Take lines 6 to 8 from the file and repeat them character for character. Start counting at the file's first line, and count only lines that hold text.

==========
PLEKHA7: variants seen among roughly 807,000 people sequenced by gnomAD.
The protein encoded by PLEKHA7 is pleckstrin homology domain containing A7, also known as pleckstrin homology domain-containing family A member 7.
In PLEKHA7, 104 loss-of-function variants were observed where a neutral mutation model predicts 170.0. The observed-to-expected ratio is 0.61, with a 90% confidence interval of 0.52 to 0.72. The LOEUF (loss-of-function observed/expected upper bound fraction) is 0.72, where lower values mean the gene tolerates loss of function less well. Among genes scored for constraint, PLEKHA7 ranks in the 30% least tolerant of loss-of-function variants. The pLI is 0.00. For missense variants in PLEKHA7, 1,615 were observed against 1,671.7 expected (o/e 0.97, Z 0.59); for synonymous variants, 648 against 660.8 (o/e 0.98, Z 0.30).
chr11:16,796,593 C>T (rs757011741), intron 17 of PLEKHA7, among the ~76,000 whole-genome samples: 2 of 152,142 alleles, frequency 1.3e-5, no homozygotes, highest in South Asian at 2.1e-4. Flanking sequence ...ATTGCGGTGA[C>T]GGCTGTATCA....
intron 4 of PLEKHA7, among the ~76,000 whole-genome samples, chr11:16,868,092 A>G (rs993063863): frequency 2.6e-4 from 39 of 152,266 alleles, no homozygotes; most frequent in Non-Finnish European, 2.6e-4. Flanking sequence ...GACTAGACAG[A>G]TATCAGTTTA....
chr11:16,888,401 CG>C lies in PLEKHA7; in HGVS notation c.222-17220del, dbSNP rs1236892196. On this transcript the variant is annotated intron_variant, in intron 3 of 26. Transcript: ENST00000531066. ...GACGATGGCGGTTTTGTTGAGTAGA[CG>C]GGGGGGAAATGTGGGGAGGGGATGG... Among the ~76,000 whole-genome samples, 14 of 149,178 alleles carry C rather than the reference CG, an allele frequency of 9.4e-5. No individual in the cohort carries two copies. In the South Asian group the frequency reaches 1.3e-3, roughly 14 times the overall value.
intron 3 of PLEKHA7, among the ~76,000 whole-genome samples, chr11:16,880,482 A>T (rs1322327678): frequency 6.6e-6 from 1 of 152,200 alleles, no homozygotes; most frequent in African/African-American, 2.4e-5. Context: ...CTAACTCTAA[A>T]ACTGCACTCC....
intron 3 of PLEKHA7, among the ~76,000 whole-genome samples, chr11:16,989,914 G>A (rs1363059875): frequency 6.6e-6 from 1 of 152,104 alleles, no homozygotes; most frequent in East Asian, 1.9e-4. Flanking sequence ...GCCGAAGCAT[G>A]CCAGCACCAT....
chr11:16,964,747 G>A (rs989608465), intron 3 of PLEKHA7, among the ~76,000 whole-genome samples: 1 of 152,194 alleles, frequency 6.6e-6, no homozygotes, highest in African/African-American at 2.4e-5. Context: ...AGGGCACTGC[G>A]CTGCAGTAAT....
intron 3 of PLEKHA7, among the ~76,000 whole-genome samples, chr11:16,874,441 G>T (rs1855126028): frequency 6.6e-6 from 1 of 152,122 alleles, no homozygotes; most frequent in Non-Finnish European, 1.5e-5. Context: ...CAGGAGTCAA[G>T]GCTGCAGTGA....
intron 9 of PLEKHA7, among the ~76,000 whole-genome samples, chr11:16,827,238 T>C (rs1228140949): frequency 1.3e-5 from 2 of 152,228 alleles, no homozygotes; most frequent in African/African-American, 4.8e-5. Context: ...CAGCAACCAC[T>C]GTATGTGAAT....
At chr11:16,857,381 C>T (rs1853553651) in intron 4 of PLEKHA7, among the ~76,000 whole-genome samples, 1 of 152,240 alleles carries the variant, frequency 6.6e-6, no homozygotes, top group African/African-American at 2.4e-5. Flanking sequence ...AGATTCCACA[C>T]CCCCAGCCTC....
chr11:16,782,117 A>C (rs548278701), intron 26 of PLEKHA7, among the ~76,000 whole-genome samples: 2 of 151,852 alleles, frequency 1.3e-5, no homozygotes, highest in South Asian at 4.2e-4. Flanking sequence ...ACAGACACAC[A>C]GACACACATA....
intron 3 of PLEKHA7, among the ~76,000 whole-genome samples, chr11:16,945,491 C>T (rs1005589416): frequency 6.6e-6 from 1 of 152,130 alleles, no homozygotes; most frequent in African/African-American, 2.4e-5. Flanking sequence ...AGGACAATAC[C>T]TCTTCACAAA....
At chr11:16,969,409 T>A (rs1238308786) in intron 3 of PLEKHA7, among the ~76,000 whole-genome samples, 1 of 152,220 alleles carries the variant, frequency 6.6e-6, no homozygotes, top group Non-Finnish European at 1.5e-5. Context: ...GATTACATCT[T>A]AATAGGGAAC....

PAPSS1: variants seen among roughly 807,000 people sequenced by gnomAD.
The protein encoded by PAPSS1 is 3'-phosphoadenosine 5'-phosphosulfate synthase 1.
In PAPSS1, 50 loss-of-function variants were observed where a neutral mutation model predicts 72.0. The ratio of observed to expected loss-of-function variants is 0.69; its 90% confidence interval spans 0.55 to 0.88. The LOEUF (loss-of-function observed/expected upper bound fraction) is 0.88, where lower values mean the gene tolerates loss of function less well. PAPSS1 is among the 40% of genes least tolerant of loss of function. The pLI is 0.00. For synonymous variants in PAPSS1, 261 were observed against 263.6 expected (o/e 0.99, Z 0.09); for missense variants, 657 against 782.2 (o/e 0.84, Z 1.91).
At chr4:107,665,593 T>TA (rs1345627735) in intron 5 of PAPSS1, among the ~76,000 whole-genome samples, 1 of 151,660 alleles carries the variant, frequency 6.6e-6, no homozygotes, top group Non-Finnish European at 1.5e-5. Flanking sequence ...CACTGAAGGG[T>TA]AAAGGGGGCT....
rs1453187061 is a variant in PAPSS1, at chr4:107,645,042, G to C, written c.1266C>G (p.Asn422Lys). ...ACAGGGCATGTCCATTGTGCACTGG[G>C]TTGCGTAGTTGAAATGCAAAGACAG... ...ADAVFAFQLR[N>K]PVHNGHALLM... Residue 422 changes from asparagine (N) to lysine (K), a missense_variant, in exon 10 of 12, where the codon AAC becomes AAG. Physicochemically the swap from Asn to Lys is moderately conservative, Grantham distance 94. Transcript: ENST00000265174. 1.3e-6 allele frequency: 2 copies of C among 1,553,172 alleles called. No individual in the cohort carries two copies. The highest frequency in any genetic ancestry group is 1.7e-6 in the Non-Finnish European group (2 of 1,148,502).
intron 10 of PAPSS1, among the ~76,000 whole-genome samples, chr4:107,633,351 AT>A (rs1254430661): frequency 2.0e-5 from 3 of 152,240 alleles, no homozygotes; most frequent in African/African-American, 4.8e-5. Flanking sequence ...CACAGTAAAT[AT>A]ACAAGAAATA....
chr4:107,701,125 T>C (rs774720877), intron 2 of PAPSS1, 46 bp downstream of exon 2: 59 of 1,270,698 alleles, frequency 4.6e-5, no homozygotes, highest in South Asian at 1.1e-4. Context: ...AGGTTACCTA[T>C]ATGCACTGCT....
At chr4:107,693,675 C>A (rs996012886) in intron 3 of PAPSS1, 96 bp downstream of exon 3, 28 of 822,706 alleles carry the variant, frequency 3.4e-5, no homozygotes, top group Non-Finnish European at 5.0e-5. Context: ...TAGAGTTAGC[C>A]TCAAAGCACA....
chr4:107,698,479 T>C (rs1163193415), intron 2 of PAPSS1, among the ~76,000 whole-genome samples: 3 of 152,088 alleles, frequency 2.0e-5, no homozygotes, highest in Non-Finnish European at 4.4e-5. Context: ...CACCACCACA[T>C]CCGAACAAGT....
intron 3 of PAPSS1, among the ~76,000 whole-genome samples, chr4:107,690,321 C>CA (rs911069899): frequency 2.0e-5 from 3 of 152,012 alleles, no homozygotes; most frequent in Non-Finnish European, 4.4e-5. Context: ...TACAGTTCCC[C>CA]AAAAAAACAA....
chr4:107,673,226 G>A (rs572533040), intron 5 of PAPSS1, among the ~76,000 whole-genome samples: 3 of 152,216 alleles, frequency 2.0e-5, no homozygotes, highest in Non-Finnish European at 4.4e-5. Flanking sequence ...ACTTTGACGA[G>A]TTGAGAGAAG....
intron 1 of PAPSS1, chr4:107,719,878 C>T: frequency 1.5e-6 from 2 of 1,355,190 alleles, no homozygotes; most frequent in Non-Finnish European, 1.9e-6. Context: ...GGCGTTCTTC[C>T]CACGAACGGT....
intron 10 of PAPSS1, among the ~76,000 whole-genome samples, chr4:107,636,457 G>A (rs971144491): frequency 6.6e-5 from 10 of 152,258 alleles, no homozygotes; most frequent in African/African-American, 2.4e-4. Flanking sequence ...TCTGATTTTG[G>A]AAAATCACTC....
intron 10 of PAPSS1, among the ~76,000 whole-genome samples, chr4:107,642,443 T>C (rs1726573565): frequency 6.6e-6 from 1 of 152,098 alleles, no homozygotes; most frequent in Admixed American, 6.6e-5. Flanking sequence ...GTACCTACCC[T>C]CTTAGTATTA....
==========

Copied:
chr11:16,888,401 CG>C lies in PLEKHA7; in HGVS notation c.222-17220del, dbSNP rs1236892196. On this transcript the variant is annotated intron_variant, in intron 3 of 26. Transcript: ENST00000531066. ...GACGATGGCGGTTTTGTTGAGTAGA[CG>C]GGGGGGAAATGTGGGGAGGGGATGG... Among the ~76,000 whole-genome samples, 14 of 149,178 alleles carry C rather than the reference CG, an allele frequency of 9.4e-5. No individual in the cohort carries two copies. In the South Asian group the frequency reaches 1.3e-3, roughly 14 times the overall value.
intron 3 of PLEKHA7, among the ~76,000 whole-genome samples, chr11:16,880,482 A>T (rs1322327678): frequency 6.6e-6 from 1 of 152,200 alleles, no homozygotes; most frequent in African/African-American, 2.4e-5. Context: ...CTAACTCTAA[A>T]ACTGCACTCC....
intron 3 of PLEKHA7, among the ~76,000 whole-genome samples, chr11:16,989,914 G>A (rs1363059875): frequency 6.6e-6 from 1 of 152,104 alleles, no homozygotes; most frequent in East Asian, 1.9e-4. Flanking sequence ...GCCGAAGCAT[G>A]CCAGCACCAT....